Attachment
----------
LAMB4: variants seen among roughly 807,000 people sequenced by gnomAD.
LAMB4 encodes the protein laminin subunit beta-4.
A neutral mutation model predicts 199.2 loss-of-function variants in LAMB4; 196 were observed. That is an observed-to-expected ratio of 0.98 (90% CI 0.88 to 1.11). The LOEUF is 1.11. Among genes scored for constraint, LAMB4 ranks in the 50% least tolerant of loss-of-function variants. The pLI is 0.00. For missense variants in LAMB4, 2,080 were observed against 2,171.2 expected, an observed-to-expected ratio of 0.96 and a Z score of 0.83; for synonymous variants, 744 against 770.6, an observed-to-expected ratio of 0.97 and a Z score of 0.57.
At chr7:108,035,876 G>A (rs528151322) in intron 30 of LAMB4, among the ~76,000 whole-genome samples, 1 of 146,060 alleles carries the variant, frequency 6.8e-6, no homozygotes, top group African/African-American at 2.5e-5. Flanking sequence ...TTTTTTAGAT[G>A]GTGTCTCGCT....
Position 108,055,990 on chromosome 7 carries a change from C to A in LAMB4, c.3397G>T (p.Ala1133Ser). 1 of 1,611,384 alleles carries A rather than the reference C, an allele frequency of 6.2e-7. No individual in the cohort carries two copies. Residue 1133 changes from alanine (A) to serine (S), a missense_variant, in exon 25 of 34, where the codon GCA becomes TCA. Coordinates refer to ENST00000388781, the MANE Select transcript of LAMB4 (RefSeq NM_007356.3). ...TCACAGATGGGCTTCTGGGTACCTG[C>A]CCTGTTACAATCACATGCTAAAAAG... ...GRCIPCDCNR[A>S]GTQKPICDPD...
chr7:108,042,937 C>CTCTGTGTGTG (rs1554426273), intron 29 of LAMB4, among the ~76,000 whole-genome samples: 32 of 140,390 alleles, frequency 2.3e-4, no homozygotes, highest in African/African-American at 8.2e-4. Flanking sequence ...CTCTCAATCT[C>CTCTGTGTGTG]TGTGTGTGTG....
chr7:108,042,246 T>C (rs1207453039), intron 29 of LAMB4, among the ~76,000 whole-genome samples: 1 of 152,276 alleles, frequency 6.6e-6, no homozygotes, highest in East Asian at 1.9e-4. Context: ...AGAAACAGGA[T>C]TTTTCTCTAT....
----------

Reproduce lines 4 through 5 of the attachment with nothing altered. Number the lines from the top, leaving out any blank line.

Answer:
At chr7:108,035,876 G>A (rs528151322) in intron 30 of LAMB4, among the ~76,000 whole-genome samples, 1 of 146,060 alleles carries the variant, frequency 6.8e-6, no homozygotes, top group African/African-American at 2.5e-5. Flanking sequence ...TTTTTTAGAT[G>A]GTGTCTCGCT....
Position 108,055,990 on chromosome 7 carries a change from C to A in LAMB4, c.3397G>T (p.Ala1133Ser). 1 of 1,611,384 alleles carries A rather than the reference C, an allele frequency of 6.2e-7. No individual in the cohort carries two copies. Residue 1133 changes from alanine (A) to serine (S), a missense_variant, in exon 25 of 34, where the codon GCA becomes TCA. Coordinates refer to ENST00000388781, the MANE Select transcript of LAMB4 (RefSeq NM_007356.3). ...TCACAGATGGGCTTCTGGGTACCTG[C>A]CCTGTTACAATCACATGCTAAAAAG... ...GRCIPCDCNR[A>S]GTQKPICDPD...